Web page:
An intracranial hematoma occurs when a blood vessel ruptures within your brain or between your skull and your brain. The collection of blood (hematoma) compresses your brain tissue.
An intracranial hematoma may occur because the fluid that surrounds your brain can't absorb the force of a sudden blow or a quick stop. Then your brain may slide forcefully against the inner wall of your skull and become bruised.
Although some head injuries — such as one that causes only a brief lapse of consciousness (concussion) — can be minor, an intracranial hematoma is potentially life-threatening and often requires immediate treatment.
An intracranial hematoma often requires surgery to remove the blood. However, a smaller intracranial hematoma may not require surgery.
Signs and symptoms of an intracranial hematoma may be evident immediately after a blow to your head, or they may take several weeks or longer to appear. You may seem fine after a head injury, a period called the lucid interval. However, with time, pressure on your brain increases, producing some or all of the following signs and symptoms:
As more and more blood fills your brain or the narrow space between your brain and skull, other signs and symptoms may become apparent, such as:
When to see a doctor
Seek immediate medical attention after any significant blow to the head in which:
Although symptoms of intracranial hematoma may not be immediately apparent, watch closely for subsequent physical, mental and emotional changes. For example, if someone seemed fine after a blow to the head and could talk, but then lapsed into unconsciousness, seek immediate medical care.
In addition, even if you feel fine, tell someone you've experienced head trauma and ask him or her to keep an eye on you. Memory loss often is associated with head trauma, so you may forget that you had a blow to the head. An alerted friend, family member or work colleague may be more likely to recognize the warning signs and arrange for prompt medical attention.
The cause of intracranial bleeding (hemorrhage) is an injury to the head, often as a result of an automobile or motorcycle accident or even a seemingly trivial event, such as bumping your head. Mild head trauma is more likely to cause a hematoma if you're an older adult, especially if you're taking an anticoagulant or anti-platelet drugs, such as aspirin. A serious injury may have occurred even if there's no open wound, bruise or other outward sign of damage.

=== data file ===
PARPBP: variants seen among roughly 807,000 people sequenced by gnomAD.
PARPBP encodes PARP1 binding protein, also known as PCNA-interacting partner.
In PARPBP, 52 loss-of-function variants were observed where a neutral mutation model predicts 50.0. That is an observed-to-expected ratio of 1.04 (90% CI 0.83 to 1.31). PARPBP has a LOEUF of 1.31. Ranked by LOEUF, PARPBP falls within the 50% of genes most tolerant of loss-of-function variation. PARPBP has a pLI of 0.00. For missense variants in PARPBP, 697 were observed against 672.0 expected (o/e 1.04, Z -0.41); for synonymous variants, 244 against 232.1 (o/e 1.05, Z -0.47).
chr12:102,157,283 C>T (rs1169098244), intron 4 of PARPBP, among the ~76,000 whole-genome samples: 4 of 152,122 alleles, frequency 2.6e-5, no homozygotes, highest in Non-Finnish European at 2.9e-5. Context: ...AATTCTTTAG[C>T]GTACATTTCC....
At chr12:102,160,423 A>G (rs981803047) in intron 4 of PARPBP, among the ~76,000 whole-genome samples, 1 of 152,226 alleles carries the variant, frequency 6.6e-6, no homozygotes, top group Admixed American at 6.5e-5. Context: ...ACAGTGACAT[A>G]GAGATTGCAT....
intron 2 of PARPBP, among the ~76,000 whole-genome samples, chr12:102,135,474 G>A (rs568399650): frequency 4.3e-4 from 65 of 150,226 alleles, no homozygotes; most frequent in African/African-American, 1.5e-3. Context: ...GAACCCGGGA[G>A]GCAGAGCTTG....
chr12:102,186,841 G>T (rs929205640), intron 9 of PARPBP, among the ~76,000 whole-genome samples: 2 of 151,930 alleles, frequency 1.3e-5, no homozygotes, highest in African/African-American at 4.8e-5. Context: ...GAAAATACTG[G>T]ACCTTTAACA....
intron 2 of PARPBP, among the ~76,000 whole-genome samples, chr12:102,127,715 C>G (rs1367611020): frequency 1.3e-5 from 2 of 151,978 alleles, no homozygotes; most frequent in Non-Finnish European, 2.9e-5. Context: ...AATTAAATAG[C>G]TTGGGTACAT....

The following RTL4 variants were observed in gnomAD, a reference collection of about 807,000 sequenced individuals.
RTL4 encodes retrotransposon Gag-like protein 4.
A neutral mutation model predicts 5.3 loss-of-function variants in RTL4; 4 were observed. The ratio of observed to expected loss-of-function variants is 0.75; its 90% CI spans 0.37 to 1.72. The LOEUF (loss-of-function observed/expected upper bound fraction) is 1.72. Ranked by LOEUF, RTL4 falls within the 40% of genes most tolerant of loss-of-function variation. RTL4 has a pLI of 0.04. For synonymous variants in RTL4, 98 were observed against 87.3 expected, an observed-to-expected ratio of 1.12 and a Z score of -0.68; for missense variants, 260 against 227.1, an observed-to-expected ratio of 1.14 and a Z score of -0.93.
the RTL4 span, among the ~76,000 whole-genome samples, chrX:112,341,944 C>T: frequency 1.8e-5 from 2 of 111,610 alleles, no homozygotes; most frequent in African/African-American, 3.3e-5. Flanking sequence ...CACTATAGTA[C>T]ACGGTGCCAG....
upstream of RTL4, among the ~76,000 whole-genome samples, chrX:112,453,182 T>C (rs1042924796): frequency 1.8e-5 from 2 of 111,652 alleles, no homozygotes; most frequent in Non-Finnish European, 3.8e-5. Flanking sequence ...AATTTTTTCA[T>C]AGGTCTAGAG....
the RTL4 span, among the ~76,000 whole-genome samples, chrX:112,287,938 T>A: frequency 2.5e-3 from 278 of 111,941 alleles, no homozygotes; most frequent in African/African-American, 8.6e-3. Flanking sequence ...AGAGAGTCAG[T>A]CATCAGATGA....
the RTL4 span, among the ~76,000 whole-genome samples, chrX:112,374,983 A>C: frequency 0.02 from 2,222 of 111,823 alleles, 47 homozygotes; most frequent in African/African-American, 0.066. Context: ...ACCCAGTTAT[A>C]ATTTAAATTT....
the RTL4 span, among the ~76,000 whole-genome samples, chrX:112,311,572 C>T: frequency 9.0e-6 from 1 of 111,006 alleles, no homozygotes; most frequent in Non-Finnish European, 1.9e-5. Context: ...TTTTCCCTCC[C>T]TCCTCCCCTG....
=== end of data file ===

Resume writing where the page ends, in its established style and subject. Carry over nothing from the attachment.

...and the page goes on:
If a hematoma results from the injury to your head, it may occur as a subdural hematoma, an epidural hematoma or an intraparenchymal hematoma.
The three types of subdural hematomas include:
All three types require medical attention as soon as signs and symptoms are apparent, or permanent brain damage may result.
The risk of subdural hematoma is greater for people who:
Some people with this type of injury may remain conscious, but most become drowsy or comatose from the moment of trauma. An epidural hematoma that affects an artery in your brain can be deadly unless you get prompt treatment.
The trauma that causes intraparenchymal hematomas often is responsible for so-called white matter shear injuries — torn axons in the brain's white matter. Axons are connections that carry electrical impulses, or messages, from the neurons in the brain to the rest of the body. When this connection is sheared, serious brain damage can result because the neurons can no longer communicate.
Trauma isn't the only cause of intraparenchymal hematoma. Nontraumatic causes, which are rare, may include:
A blow to the head can lead to an intracranial hematoma. If the injury occurs between your brain and the outermost of three membrane layers that cover your brain (dura mater), it's known as a ...
Tests and diagnosis
Diagnosing an intracranial hematoma can be difficult because individuals may seem fine after an injury. However, doctors generally presume that the progressive loss of consciousness after a head injury is caused by a hemorrhage inside the skull until proved otherwise.
Imaging techniques are the best ways to define the position and size of a hematoma. These include:
Treatments and drugs
Some subdural hematomas don't need to be removed because they're small and produce no signs or symptoms. Diuretic medications may help control brain swelling (edema) after a head injury.
Recovery after an intracranial hematoma can be prolonged and may be incomplete. In adults, most recovery takes place within the first six months after the injury. Children usually recover faster and more completely than adults do.
Coping and support
Patience is the key to coping with brain injuries. Adults will experience the majority of their recovery during the first six months. You may continue to experience smaller, more gradual improvements for up to two years after the hematoma.
The following tips may help make for a smoother recovery:
These steps may help to prevent or minimize head injury:
Last Updated: 2011-06-25
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